Wouldn’t it be nice if we had pictures of all of our ancestors? One of the joys of being on Ancestry (note: they employ me!) is that you can connect with so many people. I met a cousin a while back and we messaged back and forth. Lovely lady.
And a week or so ago, she said she had a picture of Elizabeth Jane Wallace. Now Elizabeth, my 2nd great great grandmother, doesn’t even have a grave marker. This was too much to hope for, but sure enough here it is:
Elizabeth is in the lower left, her mother Martha Jane Cash, is in the lower right. Is it me or do they appear to be short a few teeth? Upper right is Aurelia Donald Brogan, upper left is is Ethel Jane Brogan. Martha died in 1913, so it was taken before then. Ethel was born in 1890, so I would guess the picture was taken between 1905 and 1913.
We’ve start a new series on Ancestry.com called Between the Leaves. It’s a genealogy chat show for some of the genealogist who work at Ancestry.com: Myself, Juliana Szucs Smith, Amy Johnson Crow and Crista Cowan. The first episode was a lot of fun to film and I can’t wait to do the next one!
There are three deaths. The first is when the body ceases to function. The second is when the body is consigned to the grave. The third is that moment, sometime in the future, when your name is spoken for the last time.
— David Eagleman from Sum: Forty Tales of the Afterlife
So I’ve be blogging for a few months now and it has indeed been a lot of fun. I spent the last couple of days thinking about what kind of posts have gotten some of the best responses.
Posts that have a story associated with them. Can be small snippet of a story of lengthy piece. But it seems those with a genealogy bent to their personality love a good or even passable story.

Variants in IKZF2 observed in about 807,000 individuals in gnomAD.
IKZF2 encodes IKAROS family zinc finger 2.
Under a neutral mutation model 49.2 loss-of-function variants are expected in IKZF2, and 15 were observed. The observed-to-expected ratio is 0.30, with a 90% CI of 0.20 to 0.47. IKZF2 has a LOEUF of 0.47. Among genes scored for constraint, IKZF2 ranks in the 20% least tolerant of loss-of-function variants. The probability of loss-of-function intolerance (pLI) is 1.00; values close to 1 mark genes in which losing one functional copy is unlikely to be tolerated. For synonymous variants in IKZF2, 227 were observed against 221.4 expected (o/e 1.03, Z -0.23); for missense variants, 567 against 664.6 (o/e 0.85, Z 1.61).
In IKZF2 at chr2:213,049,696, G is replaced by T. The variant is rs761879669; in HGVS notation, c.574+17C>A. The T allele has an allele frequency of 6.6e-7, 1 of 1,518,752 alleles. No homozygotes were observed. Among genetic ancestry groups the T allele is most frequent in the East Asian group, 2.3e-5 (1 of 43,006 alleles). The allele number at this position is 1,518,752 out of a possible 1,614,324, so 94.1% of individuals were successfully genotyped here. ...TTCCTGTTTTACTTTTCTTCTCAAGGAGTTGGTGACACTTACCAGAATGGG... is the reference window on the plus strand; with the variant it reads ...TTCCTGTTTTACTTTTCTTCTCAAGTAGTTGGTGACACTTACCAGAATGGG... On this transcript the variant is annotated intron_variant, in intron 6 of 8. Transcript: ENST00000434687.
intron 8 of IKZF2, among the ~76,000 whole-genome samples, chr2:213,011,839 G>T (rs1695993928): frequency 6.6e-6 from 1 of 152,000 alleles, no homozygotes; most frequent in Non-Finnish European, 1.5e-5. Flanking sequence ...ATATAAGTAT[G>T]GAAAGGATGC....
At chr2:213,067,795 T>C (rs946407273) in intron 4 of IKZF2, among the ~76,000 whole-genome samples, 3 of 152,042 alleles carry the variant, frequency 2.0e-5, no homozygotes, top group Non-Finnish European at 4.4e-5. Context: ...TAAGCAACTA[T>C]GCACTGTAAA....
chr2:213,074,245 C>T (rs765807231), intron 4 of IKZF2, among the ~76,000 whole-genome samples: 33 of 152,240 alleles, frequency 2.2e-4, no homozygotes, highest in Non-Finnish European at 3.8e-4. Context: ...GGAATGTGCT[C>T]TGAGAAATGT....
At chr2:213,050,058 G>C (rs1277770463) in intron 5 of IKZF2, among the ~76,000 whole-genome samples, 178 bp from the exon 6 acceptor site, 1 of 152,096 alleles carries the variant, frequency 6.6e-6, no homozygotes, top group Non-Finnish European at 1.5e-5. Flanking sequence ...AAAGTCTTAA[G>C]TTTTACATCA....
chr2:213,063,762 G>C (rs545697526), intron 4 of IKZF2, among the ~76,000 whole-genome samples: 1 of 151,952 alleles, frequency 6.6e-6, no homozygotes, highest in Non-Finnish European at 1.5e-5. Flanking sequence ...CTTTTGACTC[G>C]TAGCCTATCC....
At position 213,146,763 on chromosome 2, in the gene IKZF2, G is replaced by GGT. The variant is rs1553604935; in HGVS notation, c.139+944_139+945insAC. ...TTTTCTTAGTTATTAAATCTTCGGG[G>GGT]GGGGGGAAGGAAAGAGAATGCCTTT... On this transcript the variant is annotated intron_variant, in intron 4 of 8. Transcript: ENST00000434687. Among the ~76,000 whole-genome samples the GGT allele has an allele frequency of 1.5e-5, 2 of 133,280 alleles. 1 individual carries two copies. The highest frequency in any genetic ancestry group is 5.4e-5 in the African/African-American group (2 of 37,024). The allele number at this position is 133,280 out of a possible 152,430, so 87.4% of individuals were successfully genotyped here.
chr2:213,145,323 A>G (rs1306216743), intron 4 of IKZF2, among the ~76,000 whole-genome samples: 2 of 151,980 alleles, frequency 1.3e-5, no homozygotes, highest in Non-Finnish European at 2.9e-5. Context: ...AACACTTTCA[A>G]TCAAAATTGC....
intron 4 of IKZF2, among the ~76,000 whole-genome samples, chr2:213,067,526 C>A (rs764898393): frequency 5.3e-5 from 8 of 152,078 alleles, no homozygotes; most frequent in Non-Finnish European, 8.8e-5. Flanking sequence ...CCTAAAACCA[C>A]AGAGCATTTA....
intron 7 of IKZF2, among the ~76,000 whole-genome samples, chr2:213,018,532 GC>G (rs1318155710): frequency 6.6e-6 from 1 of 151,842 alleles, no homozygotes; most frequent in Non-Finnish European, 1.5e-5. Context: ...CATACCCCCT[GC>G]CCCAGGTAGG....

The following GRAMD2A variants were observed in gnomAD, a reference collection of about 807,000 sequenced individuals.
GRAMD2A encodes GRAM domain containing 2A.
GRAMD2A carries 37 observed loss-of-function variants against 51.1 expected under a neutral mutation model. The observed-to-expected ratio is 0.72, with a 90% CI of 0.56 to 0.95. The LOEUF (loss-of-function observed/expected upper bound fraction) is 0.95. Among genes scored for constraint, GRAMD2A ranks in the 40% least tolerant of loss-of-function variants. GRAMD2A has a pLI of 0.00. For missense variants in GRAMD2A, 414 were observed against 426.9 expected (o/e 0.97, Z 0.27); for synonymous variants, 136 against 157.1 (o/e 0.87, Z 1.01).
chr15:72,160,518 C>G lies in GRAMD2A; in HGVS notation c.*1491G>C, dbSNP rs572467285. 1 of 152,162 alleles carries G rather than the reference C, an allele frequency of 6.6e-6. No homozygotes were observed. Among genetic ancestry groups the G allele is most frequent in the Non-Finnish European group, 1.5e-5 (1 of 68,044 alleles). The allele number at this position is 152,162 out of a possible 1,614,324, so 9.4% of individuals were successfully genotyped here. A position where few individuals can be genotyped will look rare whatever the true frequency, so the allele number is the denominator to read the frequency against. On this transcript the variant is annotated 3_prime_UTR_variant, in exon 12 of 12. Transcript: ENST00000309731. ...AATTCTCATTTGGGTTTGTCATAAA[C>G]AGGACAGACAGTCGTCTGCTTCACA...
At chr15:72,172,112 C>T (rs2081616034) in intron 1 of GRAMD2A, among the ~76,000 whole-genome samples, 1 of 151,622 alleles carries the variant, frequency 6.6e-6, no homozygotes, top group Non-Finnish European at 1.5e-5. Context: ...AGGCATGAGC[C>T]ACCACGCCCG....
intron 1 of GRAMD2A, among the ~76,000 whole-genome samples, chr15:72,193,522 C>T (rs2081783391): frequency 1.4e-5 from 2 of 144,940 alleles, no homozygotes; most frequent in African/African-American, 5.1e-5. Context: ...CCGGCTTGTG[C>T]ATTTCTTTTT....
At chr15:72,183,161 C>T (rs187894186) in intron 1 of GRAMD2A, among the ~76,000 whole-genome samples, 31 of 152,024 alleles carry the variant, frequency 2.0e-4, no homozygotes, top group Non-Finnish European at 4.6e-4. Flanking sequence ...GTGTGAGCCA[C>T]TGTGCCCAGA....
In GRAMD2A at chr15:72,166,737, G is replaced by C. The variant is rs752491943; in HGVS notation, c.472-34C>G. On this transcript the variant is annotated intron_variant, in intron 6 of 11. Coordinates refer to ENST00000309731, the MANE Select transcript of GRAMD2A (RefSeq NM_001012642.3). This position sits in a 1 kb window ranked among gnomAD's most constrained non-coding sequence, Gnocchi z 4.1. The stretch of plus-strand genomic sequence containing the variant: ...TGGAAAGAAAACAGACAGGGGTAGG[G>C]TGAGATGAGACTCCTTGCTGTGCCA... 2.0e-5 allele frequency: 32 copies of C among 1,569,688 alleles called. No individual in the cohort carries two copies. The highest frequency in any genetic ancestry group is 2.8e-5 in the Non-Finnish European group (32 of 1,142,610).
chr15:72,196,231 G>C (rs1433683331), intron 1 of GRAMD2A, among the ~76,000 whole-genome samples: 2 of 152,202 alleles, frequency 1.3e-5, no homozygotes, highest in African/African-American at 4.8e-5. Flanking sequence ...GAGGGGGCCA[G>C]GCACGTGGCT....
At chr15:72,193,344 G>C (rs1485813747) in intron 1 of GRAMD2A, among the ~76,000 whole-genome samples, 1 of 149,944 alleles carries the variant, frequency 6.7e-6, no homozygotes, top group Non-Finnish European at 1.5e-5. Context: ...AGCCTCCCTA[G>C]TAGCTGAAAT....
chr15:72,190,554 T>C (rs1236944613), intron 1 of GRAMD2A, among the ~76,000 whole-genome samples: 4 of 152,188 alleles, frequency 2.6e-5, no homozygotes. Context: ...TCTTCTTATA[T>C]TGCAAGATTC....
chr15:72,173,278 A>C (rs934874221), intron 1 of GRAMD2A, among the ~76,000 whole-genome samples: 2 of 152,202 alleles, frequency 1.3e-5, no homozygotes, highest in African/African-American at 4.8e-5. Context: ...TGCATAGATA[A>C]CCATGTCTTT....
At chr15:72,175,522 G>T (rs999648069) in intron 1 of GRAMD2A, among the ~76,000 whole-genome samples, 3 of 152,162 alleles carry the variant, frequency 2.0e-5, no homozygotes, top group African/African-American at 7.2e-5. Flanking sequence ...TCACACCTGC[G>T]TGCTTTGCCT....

Posts that talk about how I’ve done it wrong. Confessing one’s genealogical sins seems hard at first, but it seems to have brought out some camaraderie. Let’s face it — none of us are perfect. And we all started as really naive and clueless family historians. Who knew a birth record could be wrong? Who knew that vital records don’t exist for everyone and are not readily available? Who knew those stories about Indian princesses are just stories and not facts? But figuring this out and then learning how to fix our errors? That is one of the joys of genealogy. We never stop learning. I enjoy discussing the learning process as much I enjoy discussing my ancestors.
Posts about the forgotten. This was and still is the main goal of my blog. I don’t want my ancestors, good, bad or ugly to be forgotten. They have made me who I am. And remembering those who have left no one behind, such as my maiden aunts and bachelors uncles, seemed to have struck a real chord with many.
So I think I’m on the right path. It’s OK not to be perfect. Which is good, because that is not in my DNA. And sharing our mistakes maybe can make it easier for others. Or at least we can share in our “can you believe I did that?”
And telling the stories. Making the records come to life. That is the fun and addictive part, isn’t it?
I am a perpetual student because the world is a limitless place. — Elissa Scalise Powell
I had the honor of being in Elissa’s class when I was a student in the Boston University Online Certificate program. She was inspiring then, and in a recent post on APG mailing list, she delivered the above gem. (I couldn’t find this attributed to anyone else, so I assume it is hers.) It was part of a great discussion about education.
When I was a computer science student at the University of Arkansas working on my bachelor’s degree, I remember sitting in an architecture class and thinking, there is absolutely no way I am ever going to know all there is to know about this. It inspired me to go get a Master’s Degree at Purdue.
I had that moment in my BU class where the light went on and I knew I would have to pick and choose what I became truly knowledgeable about in Genealogy.
For me, I want to know all I can about Southern Genealogy, specifically Virginia, and the Carolina’s and the Civil War. That is where my family’s history lies.
Oh, and sourcing!
Some days I feel like I am making progress and some days I am overwhelmed.
But I keep reading and practicing. Because the world is indeed a limitless place.